I can’t tell you what to write, any more than other people should be able to.  That is completely up to you.  I have my beliefs on what makes a good hockey blog, but that’s a post for another day.


But as for starting, here are a few do’s and don’ts that might help:

DO turn off twitter.  Seriously, you don’t need the distraction.  If you are spending most of your energy on twitter, you are taking away from your material for your blog.  Twitter is great, and a wonderful place to have a conversation, but it isn’t the same thing.  Shut it down for a while.

DON’T spend a dime.  I’m not kidding.  There is no reason for you to have to spend anything on your blog to start with.  Did you get a blog from  Great, that’s it.  You don’t need anything else, and you don’t have to spend money.  Save that for when your blog takes off and you want more control over it.

DO own everything you do.  Embedding YouTube videos is fine, but don’t take photos you aren’t licensed for, or plagiarize (obviously) or use anything a person or company can come back and demand you take down or pay them for.  Blogs like Puck Daddy use Getty Images because they have licenses for those images.  You do not.  Yes, this is hard.  It’s harder to make your own post images than just take something from Getty Images, but as you build your reputation and skills as a blogger, it will pay off for you down the road.  I promise.

DO attribute quotes and link to posts and articles.  There are a lot of good writers and journalists out there that are doing hard work that deserves attention, and chances are you will be talking about and quoting their work.  They are in the locker rooms and on the buses, getting quotes and filing stories, so you should link and attribute to the people who you quote.  Links also get the attention of the people you are linking to, and that helps build your audience and reputation.

DON’T look at your site meter or site stats.  I know, you want to know who is reading your blog.  But if you get obsessed with the number of readers you have, you will start to lose readers.  Sounds counter-intuitive, but it’s true.  You aren’t writing for a demographic.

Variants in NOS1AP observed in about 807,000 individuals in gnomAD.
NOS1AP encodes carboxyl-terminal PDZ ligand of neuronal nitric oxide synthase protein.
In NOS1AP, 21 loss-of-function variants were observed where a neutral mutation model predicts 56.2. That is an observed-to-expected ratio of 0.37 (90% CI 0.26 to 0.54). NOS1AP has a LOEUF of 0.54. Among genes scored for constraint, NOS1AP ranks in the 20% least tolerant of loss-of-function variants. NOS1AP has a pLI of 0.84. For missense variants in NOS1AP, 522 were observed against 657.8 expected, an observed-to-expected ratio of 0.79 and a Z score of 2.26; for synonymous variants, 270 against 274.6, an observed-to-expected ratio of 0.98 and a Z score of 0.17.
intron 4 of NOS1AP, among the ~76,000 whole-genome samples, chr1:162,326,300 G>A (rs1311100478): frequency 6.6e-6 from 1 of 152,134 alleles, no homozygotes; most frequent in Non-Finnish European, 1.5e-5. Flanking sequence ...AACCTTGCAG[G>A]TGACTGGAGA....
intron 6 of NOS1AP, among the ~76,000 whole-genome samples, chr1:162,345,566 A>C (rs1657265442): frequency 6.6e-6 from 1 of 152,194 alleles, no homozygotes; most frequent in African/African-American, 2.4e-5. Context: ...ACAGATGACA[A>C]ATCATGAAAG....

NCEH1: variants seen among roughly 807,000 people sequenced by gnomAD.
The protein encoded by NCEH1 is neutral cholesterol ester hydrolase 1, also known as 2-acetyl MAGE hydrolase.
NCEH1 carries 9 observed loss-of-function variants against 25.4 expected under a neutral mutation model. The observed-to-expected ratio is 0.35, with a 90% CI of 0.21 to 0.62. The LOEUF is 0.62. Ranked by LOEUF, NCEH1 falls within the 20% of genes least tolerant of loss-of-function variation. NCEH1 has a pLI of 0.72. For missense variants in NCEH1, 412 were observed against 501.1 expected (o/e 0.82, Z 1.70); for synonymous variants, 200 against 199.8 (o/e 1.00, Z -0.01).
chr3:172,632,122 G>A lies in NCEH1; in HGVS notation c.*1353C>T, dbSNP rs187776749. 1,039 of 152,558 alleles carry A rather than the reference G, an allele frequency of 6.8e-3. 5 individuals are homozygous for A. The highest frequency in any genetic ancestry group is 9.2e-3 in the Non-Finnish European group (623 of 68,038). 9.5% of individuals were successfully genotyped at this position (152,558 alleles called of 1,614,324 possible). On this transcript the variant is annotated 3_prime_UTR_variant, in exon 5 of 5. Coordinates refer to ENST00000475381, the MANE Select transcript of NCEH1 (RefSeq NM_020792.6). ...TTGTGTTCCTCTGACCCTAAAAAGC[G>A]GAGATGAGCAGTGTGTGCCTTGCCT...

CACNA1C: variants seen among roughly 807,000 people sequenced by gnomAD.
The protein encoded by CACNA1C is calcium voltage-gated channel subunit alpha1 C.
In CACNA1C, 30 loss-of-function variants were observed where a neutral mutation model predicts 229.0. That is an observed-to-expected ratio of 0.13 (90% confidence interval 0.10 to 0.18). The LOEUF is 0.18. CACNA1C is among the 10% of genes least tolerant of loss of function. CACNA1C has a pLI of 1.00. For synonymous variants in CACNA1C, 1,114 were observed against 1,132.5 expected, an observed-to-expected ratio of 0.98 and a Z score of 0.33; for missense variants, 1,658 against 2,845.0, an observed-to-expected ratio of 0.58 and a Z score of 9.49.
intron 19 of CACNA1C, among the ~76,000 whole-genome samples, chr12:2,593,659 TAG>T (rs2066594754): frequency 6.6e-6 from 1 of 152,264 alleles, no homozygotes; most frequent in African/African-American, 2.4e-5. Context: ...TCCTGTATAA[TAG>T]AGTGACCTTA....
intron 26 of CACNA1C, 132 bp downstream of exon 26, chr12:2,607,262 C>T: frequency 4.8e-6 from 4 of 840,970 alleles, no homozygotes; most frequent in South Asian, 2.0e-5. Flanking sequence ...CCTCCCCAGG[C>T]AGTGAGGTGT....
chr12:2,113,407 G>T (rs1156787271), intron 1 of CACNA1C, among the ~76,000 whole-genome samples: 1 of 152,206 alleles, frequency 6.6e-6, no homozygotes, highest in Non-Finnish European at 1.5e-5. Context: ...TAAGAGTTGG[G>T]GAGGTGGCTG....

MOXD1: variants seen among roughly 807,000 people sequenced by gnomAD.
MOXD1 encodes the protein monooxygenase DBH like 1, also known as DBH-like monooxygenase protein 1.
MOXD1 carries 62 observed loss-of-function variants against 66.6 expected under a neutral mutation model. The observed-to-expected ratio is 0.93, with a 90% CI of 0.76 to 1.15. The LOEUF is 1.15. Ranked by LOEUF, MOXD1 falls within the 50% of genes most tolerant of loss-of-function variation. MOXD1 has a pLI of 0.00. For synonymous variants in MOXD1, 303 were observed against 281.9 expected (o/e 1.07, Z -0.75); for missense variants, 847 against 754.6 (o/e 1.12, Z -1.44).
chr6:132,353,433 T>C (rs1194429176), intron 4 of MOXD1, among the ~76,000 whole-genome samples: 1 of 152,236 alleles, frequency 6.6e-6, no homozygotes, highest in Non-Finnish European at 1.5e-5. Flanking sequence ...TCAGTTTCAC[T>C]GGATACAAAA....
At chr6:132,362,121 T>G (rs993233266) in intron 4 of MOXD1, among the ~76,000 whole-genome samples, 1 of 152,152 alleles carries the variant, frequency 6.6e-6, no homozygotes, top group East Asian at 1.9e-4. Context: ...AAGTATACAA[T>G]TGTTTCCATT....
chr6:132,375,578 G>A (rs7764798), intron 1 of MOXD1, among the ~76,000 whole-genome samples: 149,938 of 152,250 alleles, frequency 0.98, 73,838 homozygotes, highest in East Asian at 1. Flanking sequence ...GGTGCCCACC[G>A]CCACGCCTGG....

DON’T worry about comments.  There are a ton of hockey blogs out there, and people don’t have time to comment on every post they read.  Your encouragement and enjoyment of your blogging should come from within, not from the comments of others.  It can be discouraging to write your butt off and not get a single comment, but don’t let that stop you.  Worry about the post more than the comments.

DON’T believe the hype.  You can have a great post that is practically ignored, and one that was a throwaway joke that gets thousands of hits.  Don’t pay any attention to that.  Don’t let other people determine what your content should be.  And if others say you are doing a good job, work even harder to impress them with your next post.  If they say you are crap, ignore them and post something that you like.  It’s the internet, after all.  Everything is crap. :)

DO rewrite.  I’m astounded by how many people forget to do this.  “The best writing comes from rewriting.” – some writer who was really smart.  Spellcheck goes in here as well. Use it.  It is your friend.

DO ask people’s opinion, and then listen to them.  The first part is easy, but the second part is not.  If you really aren’t interested in other people’s opinions on your work, don’t ask.  It wastes their time and yours.